The requirements would be quite different for an automatic manufacturing facility, which will need over 100Mbps-level bandwidth, “five-nine” availability, below 10ms latency, but limited geographical coverage, so long as the network slice covers the facility.

In these cases, the customers can subscribe to the service on an ongoing basis. There are also cases well a slice of network can be bought on one-off basis. A typical scenario will be the live streaming of an event. In order for the audience not sitting in the event venue, for example a stadium or a concert hall, to enjoy immersive experience instead of watching the event on a two-dimensional television screen as is the case now, the streaming needs to be carried over networks with very high, Gbps-level bandwidth, “five-nine” availability to provide smooth play, and reasonable latency. However, the slice can be bought for only as long as the event lasts.

The different vertical industry use cases will also provide the service providers with the opportunities to price the services differently, and customers can choose to be billed by time, by the volume of data traffic, or by the number of connections. With the transparency of the network slicing wholesale solution, the vertical industry customers can monitor the network KPIs in real time, and make adjustments whenever needed. The network slice is then easily integrated into and support the vertical industry’s own business processes, therefore delivering the end-to-end service experience assurance.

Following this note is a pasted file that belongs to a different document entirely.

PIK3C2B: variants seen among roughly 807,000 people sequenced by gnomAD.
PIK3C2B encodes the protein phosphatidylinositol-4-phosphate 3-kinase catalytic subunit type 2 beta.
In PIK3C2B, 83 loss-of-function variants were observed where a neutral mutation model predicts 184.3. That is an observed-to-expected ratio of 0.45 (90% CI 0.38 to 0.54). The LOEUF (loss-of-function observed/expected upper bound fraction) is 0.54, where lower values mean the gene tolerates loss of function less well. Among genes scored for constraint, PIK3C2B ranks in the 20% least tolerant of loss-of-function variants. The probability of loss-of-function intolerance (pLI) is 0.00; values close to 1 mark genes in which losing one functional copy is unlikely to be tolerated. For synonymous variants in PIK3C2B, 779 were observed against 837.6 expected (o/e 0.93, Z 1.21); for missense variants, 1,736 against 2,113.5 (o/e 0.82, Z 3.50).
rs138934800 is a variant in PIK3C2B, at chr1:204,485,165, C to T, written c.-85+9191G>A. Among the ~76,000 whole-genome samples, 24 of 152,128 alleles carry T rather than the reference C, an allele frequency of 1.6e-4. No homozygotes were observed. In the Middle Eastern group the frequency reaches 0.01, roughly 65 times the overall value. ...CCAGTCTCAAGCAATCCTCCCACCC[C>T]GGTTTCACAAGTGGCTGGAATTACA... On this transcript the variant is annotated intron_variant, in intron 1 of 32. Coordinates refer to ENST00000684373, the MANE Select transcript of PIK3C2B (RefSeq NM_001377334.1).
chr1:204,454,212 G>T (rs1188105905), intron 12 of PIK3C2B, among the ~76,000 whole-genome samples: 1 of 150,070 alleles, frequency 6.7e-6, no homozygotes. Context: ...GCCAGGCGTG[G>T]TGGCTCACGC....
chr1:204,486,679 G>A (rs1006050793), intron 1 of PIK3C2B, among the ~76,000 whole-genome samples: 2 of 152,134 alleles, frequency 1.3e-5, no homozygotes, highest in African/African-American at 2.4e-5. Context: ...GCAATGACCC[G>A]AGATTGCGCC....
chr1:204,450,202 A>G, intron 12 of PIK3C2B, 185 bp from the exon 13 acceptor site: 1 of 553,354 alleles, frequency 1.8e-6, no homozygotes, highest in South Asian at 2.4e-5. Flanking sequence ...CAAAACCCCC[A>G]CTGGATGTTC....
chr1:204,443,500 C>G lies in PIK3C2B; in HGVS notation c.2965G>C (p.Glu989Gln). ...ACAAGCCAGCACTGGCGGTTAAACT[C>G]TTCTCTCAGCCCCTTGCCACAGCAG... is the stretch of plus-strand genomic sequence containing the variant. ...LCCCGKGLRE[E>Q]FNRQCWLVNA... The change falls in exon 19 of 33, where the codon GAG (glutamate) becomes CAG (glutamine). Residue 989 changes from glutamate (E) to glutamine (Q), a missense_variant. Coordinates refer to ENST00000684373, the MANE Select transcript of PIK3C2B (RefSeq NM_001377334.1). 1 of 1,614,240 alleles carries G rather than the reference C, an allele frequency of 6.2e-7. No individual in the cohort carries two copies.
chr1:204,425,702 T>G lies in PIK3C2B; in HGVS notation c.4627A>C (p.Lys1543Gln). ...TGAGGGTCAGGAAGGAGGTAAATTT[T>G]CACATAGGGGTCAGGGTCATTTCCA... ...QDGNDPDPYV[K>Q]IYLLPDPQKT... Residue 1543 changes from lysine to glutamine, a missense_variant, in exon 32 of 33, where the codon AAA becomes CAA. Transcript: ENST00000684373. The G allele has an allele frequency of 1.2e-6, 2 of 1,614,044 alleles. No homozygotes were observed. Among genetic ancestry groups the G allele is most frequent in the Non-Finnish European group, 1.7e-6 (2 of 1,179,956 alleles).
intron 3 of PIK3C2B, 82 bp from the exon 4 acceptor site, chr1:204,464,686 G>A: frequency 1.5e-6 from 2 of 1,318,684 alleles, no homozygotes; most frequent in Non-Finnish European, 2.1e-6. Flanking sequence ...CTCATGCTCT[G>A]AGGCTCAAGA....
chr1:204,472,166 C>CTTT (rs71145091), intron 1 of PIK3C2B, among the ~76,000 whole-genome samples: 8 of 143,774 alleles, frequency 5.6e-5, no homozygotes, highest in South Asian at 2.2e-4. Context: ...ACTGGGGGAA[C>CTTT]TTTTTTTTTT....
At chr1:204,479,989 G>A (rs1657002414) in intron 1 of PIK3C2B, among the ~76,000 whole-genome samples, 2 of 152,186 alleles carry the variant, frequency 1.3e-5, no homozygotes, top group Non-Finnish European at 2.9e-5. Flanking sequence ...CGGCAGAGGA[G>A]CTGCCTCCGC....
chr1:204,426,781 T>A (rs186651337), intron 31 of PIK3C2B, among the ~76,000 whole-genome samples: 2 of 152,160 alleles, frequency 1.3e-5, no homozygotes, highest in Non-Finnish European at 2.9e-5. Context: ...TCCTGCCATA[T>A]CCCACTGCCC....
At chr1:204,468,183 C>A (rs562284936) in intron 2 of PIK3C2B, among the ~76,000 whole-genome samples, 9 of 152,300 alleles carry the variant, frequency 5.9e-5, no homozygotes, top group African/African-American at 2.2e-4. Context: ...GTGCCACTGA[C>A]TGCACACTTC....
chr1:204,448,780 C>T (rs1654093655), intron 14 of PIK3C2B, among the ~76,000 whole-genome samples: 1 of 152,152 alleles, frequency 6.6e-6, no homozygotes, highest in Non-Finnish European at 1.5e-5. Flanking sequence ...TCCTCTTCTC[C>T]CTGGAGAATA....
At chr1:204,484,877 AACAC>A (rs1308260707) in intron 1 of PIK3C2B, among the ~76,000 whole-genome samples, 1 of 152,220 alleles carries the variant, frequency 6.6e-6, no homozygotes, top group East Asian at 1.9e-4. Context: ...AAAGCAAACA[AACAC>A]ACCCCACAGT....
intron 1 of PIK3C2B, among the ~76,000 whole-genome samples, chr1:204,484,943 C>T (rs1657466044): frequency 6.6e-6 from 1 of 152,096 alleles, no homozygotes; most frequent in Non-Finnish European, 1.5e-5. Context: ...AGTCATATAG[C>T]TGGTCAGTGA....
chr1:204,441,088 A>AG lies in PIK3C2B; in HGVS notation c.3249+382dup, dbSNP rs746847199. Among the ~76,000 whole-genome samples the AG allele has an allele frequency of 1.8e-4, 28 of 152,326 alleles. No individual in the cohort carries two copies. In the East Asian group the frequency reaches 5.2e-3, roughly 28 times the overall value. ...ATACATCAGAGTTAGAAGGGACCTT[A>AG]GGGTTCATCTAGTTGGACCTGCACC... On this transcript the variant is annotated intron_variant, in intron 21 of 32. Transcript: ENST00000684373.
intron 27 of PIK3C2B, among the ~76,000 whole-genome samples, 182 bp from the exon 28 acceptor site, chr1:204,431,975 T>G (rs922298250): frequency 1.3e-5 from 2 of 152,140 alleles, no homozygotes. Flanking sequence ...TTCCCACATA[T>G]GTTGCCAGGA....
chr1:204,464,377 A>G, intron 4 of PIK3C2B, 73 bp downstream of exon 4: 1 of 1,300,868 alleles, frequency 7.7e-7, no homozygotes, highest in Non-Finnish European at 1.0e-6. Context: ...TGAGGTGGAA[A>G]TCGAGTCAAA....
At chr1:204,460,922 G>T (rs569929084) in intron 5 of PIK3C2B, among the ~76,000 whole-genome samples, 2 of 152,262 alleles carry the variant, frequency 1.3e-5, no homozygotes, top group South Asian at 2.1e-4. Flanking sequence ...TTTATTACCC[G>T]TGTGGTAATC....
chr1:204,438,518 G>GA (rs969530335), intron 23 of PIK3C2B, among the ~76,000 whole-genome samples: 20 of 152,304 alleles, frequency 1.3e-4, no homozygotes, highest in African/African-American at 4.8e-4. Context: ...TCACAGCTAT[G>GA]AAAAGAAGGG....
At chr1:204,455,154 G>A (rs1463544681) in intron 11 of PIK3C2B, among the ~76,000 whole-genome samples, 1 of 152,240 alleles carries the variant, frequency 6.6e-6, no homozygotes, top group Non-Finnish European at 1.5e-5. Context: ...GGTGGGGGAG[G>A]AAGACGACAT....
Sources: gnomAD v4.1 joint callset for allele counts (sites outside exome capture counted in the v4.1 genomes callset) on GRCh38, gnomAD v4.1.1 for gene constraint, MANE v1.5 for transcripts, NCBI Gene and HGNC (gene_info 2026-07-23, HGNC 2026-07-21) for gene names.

It is also important to note that the wholesale solution is designed with the evolutionary capability, and telecom operators’ role is not only limited to connectivity provision. Thanks to the network’s full compliance with standards, customers will be able to participate in the design of the networks, and SLAs can be updated when they get more experience using the slices of 5G networks. Meanwhile, when telecom operators become more experienced with serving the industry customers, their AI systems will be able to analyse the data and proactively suggest network slice configurations based on the customers’ use cases, making the process interactive.

ZTE, the designer of the network slicing wholesale (Slice Store) solution and one of the leading 5G technology suppliers, has tested the model with a number of operators. The results are promising, and ZTE’s innovation has been properly recognised with the Leading Contribution to Network Slicing Award at the recent 5G World Summit in London.

— Jason Tu, Principal Scientist of NFV & SDN Products, ZTE Corporation

This content is sponsored by ZTE.